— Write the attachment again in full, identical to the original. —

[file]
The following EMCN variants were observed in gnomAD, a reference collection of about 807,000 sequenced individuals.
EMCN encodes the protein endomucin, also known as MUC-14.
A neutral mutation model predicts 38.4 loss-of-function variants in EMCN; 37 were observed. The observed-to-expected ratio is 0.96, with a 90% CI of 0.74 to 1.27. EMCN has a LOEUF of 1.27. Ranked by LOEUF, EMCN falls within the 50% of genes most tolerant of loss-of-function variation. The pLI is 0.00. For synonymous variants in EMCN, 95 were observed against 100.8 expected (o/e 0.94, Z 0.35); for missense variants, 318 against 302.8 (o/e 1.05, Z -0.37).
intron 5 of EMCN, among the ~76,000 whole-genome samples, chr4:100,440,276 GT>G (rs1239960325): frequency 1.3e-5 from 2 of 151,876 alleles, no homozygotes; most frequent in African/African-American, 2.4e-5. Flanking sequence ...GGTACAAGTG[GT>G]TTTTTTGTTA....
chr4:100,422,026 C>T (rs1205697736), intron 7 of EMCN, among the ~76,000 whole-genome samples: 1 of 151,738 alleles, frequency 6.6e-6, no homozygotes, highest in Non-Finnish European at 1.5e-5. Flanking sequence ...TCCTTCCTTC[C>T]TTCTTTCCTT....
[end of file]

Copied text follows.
The following EMCN variants were observed in gnomAD, a reference collection of about 807,000 sequenced individuals.
EMCN encodes the protein endomucin, also known as MUC-14.
A neutral mutation model predicts 38.4 loss-of-function variants in EMCN; 37 were observed. The observed-to-expected ratio is 0.96, with a 90% CI of 0.74 to 1.27. EMCN has a LOEUF of 1.27. Ranked by LOEUF, EMCN falls within the 50% of genes most tolerant of loss-of-function variation. The pLI is 0.00. For synonymous variants in EMCN, 95 were observed against 100.8 expected (o/e 0.94, Z 0.35); for missense variants, 318 against 302.8 (o/e 1.05, Z -0.37).
intron 5 of EMCN, among the ~76,000 whole-genome samples, chr4:100,440,276 GT>G (rs1239960325): frequency 1.3e-5 from 2 of 151,876 alleles, no homozygotes; most frequent in African/African-American, 2.4e-5. Flanking sequence ...GGTACAAGTG[GT>G]TTTTTTGTTA....
chr4:100,422,026 C>T (rs1205697736), intron 7 of EMCN, among the ~76,000 whole-genome samples: 1 of 151,738 alleles, frequency 6.6e-6, no homozygotes, highest in Non-Finnish European at 1.5e-5. Flanking sequence ...TCCTTCCTTC[C>T]TTCTTTCCTT....